The Washoe Board of County Commissioners has chosen to stick with the current operators of the Washoe Golf Course. That’s despite an unpaid bill of about $1 million, according to the county.
Four potential vendors were up for consideration to take over management of the course, and the board selected today the lowest-ranked bidder — current operator, Bell-Men Golf.
Staff was looking at ability to improve and market the course, said the county’s David Solero.
While nationally owned Billy Casper Golf was the county’s top-ranked potential vendor, locally owned Mazz Golf, which operates county-owned Sierra Sage Golf Course, was second in line, with a county staff ranking that was much higher than Bell-Men’s ranking.
Billy Casper’s proposal would have given a share of profits to the county while Mazz Golf’s proposal would give the county a percentage of all revenue, Solero said.
Commissioner Bob Lucey called Billy Casper’s proposal speculative, while Mazz Golf would bring in revenue to the county immediately.
“I want to make sure we’re doing what’s proper,” Lucey said, advocating for a locally owned operator.
While Bell-Men’s outstanding fees to the county were criticized in May, the county narrowly voted to have Bell-Men continue operating the course.
Bell Men will now also take over course maintenance, which the county currently oversees.
Commissioner Marsha Berkbigler, who made the motion to have Bell-Men maintain course management, said that today’s decision angered her fellow commissioners.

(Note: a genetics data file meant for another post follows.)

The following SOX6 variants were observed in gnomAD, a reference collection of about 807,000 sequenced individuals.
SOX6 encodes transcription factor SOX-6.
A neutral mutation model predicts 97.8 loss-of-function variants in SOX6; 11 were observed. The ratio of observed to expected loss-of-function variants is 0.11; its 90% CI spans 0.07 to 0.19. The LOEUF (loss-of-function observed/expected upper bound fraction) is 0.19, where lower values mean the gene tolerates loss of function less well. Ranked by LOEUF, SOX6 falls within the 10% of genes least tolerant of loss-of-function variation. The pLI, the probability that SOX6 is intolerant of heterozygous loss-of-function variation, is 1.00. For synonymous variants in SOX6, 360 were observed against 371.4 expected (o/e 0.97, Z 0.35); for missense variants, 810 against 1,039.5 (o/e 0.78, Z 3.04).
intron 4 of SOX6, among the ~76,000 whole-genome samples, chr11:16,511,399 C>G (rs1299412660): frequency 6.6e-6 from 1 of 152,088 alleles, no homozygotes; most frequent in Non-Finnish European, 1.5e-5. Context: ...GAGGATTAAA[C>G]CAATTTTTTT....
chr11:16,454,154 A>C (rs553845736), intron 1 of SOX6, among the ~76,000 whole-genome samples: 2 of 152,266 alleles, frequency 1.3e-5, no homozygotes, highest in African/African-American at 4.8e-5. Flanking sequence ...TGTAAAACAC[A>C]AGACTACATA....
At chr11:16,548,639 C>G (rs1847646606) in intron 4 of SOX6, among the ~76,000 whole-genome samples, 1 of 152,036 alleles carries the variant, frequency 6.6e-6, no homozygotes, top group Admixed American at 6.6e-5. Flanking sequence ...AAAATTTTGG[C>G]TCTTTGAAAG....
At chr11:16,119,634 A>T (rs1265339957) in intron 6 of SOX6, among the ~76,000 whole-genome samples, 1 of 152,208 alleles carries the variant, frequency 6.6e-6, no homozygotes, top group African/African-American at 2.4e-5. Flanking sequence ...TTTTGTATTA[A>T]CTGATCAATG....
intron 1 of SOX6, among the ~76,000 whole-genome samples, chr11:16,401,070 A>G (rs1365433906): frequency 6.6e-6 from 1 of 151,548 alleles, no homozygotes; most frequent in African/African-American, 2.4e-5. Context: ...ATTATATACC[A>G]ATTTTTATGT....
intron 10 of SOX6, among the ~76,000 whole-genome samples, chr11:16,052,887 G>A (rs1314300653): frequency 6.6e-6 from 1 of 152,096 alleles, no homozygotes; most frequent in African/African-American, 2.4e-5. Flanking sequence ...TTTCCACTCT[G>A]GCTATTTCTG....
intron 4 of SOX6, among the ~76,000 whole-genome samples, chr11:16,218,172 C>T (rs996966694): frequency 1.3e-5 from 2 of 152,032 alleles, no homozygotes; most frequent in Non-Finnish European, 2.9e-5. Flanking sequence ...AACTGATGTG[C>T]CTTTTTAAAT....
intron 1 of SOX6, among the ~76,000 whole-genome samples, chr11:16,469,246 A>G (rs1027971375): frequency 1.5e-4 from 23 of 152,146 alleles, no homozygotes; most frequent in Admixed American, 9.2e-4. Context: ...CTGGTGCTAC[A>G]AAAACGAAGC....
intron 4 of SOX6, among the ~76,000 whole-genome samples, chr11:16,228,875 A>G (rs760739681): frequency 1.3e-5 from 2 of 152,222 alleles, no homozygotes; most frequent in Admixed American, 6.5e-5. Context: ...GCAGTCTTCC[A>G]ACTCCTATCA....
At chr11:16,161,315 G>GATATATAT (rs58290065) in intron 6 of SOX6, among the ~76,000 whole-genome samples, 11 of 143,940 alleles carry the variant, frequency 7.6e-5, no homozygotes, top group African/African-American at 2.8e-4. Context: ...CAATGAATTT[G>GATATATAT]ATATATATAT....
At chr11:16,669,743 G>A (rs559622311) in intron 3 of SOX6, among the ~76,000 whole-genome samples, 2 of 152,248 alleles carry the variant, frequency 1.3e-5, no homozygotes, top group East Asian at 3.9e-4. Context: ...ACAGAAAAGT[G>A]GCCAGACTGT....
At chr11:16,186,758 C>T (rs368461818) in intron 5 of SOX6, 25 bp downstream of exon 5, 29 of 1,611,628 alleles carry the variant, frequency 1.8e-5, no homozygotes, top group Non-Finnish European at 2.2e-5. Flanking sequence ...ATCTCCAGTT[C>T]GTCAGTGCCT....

“This group (Bell-Men) really knows this course, and maybe if we give them the opportunity to do all the maintenance and everything, it will be an effective agreement that will work for us,” she said.
When pressed on how the county will be paid back, Berkbigler said that’s not clear.
“That’s something we haven’t worked out yet,” she said. “So I’m not comfortable how that’s actually going to be done, but I think the new contract gives us the opportunity to earn back the money….”
It was estimated by the county in May that Bell-Men owes the county about $1 million, which includes $600,000 in past-due fees plus interest, according to Solero.
“That money … belongs to the taxpayers,” Berkbigler said.
Bell-Men representatives said that the recession, taking over the course’s restaurant, contract changes, drought and course usage contributed to delinquent payments. They said they made more than $3 million in payments in the last five years but that only covered late fees and did not apply to the principal owed.
Numerous people showed up in support of Bell-Men, citing their longstanding contributions to the community. Despite the supporters, those in favor of having Mazz Golf run the course expressed shock at the board’s decision.
Commissioners Vaughn Hartung and Bob Lucey voted against having Bell-Men operate the course.